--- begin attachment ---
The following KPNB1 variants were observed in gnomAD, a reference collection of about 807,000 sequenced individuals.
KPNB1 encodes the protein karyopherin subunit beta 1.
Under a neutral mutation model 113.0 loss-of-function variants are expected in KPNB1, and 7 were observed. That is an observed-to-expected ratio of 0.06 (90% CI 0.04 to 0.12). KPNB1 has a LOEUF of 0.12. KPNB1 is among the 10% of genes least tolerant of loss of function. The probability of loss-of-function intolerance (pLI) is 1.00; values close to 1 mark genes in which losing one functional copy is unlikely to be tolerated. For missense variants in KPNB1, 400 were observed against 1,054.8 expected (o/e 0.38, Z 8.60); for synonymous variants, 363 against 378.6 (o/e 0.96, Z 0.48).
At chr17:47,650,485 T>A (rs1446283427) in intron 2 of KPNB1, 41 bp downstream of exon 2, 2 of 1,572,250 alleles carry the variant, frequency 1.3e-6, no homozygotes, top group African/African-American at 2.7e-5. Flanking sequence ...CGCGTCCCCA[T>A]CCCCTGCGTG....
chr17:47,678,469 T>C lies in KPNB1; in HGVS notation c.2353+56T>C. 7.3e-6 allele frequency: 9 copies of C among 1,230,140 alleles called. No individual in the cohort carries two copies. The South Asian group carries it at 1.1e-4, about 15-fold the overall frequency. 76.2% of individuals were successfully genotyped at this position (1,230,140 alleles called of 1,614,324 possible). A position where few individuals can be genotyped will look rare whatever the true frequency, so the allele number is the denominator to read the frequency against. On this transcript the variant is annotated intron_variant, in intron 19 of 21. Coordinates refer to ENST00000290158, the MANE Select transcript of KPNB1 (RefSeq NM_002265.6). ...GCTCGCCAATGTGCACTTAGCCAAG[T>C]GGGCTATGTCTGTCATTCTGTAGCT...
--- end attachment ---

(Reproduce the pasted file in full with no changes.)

The following KPNB1 variants were observed in gnomAD, a reference collection of about 807,000 sequenced individuals.
KPNB1 encodes the protein karyopherin subunit beta 1.
Under a neutral mutation model 113.0 loss-of-function variants are expected in KPNB1, and 7 were observed. That is an observed-to-expected ratio of 0.06 (90% CI 0.04 to 0.12). KPNB1 has a LOEUF of 0.12. KPNB1 is among the 10% of genes least tolerant of loss of function. The probability of loss-of-function intolerance (pLI) is 1.00; values close to 1 mark genes in which losing one functional copy is unlikely to be tolerated. For missense variants in KPNB1, 400 were observed against 1,054.8 expected (o/e 0.38, Z 8.60); for synonymous variants, 363 against 378.6 (o/e 0.96, Z 0.48).
At chr17:47,650,485 T>A (rs1446283427) in intron 2 of KPNB1, 41 bp downstream of exon 2, 2 of 1,572,250 alleles carry the variant, frequency 1.3e-6, no homozygotes, top group African/African-American at 2.7e-5. Flanking sequence ...CGCGTCCCCA[T>A]CCCCTGCGTG....
chr17:47,678,469 T>C lies in KPNB1; in HGVS notation c.2353+56T>C. 7.3e-6 allele frequency: 9 copies of C among 1,230,140 alleles called. No individual in the cohort carries two copies. The South Asian group carries it at 1.1e-4, about 15-fold the overall frequency. 76.2% of individuals were successfully genotyped at this position (1,230,140 alleles called of 1,614,324 possible). A position where few individuals can be genotyped will look rare whatever the true frequency, so the allele number is the denominator to read the frequency against. On this transcript the variant is annotated intron_variant, in intron 19 of 21. Coordinates refer to ENST00000290158, the MANE Select transcript of KPNB1 (RefSeq NM_002265.6). ...GCTCGCCAATGTGCACTTAGCCAAG[T>C]GGGCTATGTCTGTCATTCTGTAGCT...